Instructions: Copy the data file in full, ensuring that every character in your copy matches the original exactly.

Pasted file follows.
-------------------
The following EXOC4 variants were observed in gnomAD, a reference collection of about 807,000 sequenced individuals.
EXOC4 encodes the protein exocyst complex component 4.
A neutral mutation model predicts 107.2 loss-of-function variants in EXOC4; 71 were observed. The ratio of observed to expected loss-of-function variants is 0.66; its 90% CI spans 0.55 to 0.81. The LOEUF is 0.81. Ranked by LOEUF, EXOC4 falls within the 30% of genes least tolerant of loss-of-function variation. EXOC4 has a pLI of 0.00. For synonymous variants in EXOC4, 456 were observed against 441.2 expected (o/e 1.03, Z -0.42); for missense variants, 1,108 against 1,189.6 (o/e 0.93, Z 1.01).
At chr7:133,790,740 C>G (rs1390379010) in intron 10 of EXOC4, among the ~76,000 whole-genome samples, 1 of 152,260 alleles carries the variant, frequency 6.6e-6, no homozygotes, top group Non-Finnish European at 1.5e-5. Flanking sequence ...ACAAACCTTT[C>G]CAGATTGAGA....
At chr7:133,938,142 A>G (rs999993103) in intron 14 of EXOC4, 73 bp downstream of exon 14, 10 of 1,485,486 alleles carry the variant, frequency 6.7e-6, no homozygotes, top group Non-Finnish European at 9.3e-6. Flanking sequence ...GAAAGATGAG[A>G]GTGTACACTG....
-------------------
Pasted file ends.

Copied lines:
The following EXOC4 variants were observed in gnomAD, a reference collection of about 807,000 sequenced individuals.
EXOC4 encodes the protein exocyst complex component 4.
A neutral mutation model predicts 107.2 loss-of-function variants in EXOC4; 71 were observed. The ratio of observed to expected loss-of-function variants is 0.66; its 90% CI spans 0.55 to 0.81. The LOEUF is 0.81. Ranked by LOEUF, EXOC4 falls within the 30% of genes least tolerant of loss-of-function variation. EXOC4 has a pLI of 0.00. For synonymous variants in EXOC4, 456 were observed against 441.2 expected (o/e 1.03, Z -0.42); for missense variants, 1,108 against 1,189.6 (o/e 0.93, Z 1.01).
At chr7:133,790,740 C>G (rs1390379010) in intron 10 of EXOC4, among the ~76,000 whole-genome samples, 1 of 152,260 alleles carries the variant, frequency 6.6e-6, no homozygotes, top group Non-Finnish European at 1.5e-5. Flanking sequence ...ACAAACCTTT[C>G]CAGATTGAGA....
At chr7:133,938,142 A>G (rs999993103) in intron 14 of EXOC4, 73 bp downstream of exon 14, 10 of 1,485,486 alleles carry the variant, frequency 6.7e-6, no homozygotes, top group Non-Finnish European at 9.3e-6. Flanking sequence ...GAAAGATGAG[A>G]GTGTACACTG....